HIV treatment is life-long, yet many patients travel or migrate for their livelihoods, risking treatment interruption. We examine timely reengagement in care among patients who transferred-out or were lost-to-follow-up (LTFU) from a rural HIV facility. We conducted a cohort study among 369 adult patients on antiretroviral therapy between November 2011 and November 2013 on Mfangano Island, Kenya. Patients who transferred or were LTFU (i.e., missed a scheduled appointment by ≥90 days) were traced to determine if they reengaged or accessed care at another clinic. We report cumulative incidence and time to reengagement using Cox proportional hazards models adjusted for patient demographic and clinical characteristics. Among 369 patients at the clinic, 23(6%) requested an official transfer and 78(21%) were LTFU. Among official transfers, cumulative incidence of linkage to their destination facility was 91% at three months (95%CI (confidence intervals) 69-98%). Among LTFU, cumulative incidence of reengagement in care at the original or a new clinic was 14% at three months (95%CI 7-23%) and 60% at six months (95%CI 48-69%). In the adjusted Cox model, patients who left with an official transfer reengaged in care six times faster than those who did not (adjusted hazard ratio 6.2, 95%CI 3.4-11.0). Patients who left an island-based HIV clinic in Kenya with an official transfer letter reengaged in care faster than those who were LTFU, although many in both groups had treatment gaps long enough to risk viral rebound. Better coordination of transfers between clinics, such as assisting patients with navigating the process or improving inter-clinic communication surrounding transfers, may reduce delays in treatment during transfer and improve overall clinical outcomes. PMID:27145451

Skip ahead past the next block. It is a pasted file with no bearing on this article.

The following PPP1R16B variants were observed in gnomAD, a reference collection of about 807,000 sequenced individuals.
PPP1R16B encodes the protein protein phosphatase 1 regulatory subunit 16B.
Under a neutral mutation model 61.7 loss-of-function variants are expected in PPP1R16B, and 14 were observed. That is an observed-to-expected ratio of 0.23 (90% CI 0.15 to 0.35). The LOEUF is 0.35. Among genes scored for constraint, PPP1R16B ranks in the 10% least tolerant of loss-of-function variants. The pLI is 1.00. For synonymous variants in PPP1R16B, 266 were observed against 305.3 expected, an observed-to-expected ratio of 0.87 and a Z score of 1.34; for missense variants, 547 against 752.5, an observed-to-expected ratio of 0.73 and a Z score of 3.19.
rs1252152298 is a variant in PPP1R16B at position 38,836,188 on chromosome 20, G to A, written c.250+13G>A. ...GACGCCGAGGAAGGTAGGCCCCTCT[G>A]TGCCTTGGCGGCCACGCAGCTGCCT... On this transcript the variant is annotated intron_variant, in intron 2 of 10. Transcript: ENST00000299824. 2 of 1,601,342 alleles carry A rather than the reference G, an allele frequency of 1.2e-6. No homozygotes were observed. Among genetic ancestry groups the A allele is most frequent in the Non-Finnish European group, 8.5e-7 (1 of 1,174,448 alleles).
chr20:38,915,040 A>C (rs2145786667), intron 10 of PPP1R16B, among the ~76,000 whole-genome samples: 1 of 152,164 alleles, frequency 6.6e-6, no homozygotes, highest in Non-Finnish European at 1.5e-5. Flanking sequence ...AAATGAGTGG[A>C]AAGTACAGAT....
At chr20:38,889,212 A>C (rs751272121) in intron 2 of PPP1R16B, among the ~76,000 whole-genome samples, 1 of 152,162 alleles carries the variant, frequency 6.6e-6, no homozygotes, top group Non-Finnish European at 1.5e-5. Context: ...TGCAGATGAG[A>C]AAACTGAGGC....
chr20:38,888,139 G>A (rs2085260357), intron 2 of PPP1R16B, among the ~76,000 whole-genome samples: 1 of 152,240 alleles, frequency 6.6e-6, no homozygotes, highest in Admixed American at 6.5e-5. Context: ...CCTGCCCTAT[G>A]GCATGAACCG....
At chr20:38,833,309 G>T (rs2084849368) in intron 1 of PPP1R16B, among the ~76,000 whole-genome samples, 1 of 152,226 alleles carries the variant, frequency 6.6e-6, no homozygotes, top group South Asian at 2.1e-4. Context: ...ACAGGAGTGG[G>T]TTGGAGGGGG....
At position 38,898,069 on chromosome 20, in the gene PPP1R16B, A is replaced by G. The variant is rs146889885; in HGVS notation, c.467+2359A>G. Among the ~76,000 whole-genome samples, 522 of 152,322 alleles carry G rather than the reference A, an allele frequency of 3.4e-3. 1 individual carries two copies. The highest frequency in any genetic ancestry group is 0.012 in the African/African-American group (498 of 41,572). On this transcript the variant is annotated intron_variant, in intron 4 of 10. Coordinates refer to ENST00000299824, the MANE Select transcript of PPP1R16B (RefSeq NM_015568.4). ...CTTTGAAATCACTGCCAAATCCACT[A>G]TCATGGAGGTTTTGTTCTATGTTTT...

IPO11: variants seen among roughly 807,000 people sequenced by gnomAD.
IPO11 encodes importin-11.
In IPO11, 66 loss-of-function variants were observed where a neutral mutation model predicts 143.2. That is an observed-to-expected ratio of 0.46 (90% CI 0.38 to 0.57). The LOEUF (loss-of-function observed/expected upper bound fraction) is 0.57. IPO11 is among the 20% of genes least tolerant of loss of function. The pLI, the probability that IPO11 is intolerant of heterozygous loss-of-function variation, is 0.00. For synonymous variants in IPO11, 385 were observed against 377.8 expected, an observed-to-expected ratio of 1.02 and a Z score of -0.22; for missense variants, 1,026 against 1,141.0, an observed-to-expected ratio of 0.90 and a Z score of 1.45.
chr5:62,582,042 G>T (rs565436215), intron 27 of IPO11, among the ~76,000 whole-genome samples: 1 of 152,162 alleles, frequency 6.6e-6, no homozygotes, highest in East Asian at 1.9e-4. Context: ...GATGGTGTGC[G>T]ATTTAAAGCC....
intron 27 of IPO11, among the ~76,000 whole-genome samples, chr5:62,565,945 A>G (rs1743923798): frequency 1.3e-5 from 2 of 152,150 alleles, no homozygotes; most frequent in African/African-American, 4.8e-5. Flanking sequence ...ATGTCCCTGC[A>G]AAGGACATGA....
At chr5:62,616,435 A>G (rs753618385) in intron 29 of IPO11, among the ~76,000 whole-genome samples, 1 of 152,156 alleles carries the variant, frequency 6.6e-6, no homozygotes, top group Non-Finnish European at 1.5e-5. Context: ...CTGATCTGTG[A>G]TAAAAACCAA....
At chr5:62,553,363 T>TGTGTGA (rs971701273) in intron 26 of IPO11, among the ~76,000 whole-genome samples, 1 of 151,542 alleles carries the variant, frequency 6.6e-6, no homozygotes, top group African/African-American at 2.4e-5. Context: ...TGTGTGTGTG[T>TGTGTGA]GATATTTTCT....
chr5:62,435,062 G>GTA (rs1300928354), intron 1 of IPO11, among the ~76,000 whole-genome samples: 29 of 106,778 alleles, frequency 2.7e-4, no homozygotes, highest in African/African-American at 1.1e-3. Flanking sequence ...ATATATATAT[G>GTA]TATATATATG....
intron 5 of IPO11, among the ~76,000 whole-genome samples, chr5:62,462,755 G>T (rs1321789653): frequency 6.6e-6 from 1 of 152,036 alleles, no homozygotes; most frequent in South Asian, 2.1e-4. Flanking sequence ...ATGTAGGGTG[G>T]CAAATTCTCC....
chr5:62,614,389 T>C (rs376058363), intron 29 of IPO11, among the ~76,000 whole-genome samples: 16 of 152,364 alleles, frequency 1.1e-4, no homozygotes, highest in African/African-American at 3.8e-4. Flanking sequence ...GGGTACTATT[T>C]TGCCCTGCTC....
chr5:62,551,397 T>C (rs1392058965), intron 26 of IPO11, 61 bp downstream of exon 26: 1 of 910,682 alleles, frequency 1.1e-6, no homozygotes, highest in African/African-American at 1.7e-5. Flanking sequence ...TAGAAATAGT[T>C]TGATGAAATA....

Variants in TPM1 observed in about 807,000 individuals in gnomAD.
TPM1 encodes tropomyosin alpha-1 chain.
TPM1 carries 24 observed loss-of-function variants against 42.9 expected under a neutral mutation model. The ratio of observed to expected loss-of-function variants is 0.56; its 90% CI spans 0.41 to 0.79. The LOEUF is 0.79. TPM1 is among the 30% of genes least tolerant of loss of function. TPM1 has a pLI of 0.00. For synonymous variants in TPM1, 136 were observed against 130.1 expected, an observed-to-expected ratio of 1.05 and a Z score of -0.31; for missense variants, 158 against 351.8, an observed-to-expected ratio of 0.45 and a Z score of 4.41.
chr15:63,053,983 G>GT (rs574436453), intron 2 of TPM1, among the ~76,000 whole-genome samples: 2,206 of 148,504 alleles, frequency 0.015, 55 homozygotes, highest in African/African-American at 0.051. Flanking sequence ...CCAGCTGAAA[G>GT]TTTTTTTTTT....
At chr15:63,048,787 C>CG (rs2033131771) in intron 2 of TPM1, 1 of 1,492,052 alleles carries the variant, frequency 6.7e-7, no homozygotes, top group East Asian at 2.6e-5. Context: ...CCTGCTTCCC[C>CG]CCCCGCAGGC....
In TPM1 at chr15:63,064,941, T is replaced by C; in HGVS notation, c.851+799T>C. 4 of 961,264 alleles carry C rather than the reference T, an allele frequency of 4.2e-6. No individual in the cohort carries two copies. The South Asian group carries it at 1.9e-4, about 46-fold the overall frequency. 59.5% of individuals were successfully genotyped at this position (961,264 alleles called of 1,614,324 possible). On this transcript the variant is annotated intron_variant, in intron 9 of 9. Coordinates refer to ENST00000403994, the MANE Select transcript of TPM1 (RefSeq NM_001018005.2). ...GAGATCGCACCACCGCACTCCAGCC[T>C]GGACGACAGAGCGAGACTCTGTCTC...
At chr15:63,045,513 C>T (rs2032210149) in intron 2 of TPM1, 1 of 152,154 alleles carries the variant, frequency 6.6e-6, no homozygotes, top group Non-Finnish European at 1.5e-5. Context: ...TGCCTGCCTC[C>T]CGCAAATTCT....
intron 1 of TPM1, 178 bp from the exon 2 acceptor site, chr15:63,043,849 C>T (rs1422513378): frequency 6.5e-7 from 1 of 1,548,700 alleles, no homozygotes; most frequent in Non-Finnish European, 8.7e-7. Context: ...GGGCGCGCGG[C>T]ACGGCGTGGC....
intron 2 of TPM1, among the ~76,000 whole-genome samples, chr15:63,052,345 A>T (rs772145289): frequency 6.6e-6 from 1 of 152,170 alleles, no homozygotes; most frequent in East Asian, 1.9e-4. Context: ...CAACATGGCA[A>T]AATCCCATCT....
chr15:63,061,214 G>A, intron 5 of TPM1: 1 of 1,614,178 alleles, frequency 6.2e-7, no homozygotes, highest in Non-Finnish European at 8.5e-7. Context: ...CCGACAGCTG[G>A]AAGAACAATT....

16. Randomised controlled trial of a new palliative care service: Compliance, recruitment and completeness of follow-up

    PubMed Central

    Higginson, Irene J; Hart, Sam; Burman, Rachel; Silber, Eli; Saleem, Tariq; Edmonds, Polly

    2008-01-01

    Background Palliative care has been proposed for progressive non-cancer conditions but there have been few evaluations of service developments. We analysed recruitment, compliance and follow-up data of a fast track (or wait list control) randomised controlled trial of a new palliative care service – a design not previously used to assess palliative care. Methods/Design An innovative palliative care service (comprising a consultant in palliative medicine, a clinical nurse specialist, an administrator and a psychosocial worker) was delivered to people severely affected by multiple sclerosis (MS), and their carers, in southeast London. Our design followed the MRC Framework for the Evaluation of Complex Interventions. In phase II we conducted randomised controlled trial, of immediate referral to the service (fast-track) versus a 12-week wait (standard best practice). Main outcome measures were: compliance (the extent the trial protocol was adhered to), recruitment (target 50 patients), attrition and missing data rates; trial outcomes were Palliative Care Outcome Scale and MS Impact Scale. Results 69 patients were referred, 52 entered the trial (26 randomised to each arm), 5 refused consent and 12 were excluded from the trial for other reasons, usually illness or urgent needs, achieving our target numbers. 25/26 fast track and 21/26 standard best practice patients completed the trial, resulting in 217/225 (96%) of possible interviews completed, 87% of which took place in the patient's home. Main reasons for failure to interview and/or attrition were death or illness. There were three deaths in the standard best practice group and one in the fast-track group during the trial. At baseline there were no differences between groups. Missing data for individual questionnaire items were small (median 0, mean 1–5 items out of 56+ items per interview), not associated with any patient or carer characteristics or with individual questionnaires, but were associated with